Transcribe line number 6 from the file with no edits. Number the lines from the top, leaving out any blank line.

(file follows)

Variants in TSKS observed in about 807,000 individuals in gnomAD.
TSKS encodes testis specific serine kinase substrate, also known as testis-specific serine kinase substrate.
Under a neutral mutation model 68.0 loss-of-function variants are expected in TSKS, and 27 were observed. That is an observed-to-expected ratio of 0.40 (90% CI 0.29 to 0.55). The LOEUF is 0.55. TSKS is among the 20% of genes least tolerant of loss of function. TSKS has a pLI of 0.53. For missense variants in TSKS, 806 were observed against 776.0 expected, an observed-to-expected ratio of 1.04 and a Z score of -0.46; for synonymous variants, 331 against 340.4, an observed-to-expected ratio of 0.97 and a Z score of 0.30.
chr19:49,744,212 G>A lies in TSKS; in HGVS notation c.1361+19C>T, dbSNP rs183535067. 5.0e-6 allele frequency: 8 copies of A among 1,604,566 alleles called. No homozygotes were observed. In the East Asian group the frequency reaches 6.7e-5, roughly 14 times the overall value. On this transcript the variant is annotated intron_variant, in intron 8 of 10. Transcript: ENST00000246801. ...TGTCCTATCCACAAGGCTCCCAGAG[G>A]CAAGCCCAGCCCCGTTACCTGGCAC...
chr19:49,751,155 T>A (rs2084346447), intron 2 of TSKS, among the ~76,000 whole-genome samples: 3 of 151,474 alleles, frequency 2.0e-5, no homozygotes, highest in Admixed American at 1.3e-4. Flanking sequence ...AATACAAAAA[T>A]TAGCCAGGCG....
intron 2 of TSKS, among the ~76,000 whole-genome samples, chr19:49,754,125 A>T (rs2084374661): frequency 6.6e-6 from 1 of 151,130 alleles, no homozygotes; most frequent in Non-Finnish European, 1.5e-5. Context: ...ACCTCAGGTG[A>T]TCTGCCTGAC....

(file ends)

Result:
intron 2 of TSKS, among the ~76,000 whole-genome samples, chr19:49,754,125 A>T (rs2084374661): frequency 6.6e-6 from 1 of 151,130 alleles, no homozygotes; most frequent in Non-Finnish European, 1.5e-5. Context: ...ACCTCAGGTG[A>T]TCTGCCTGAC....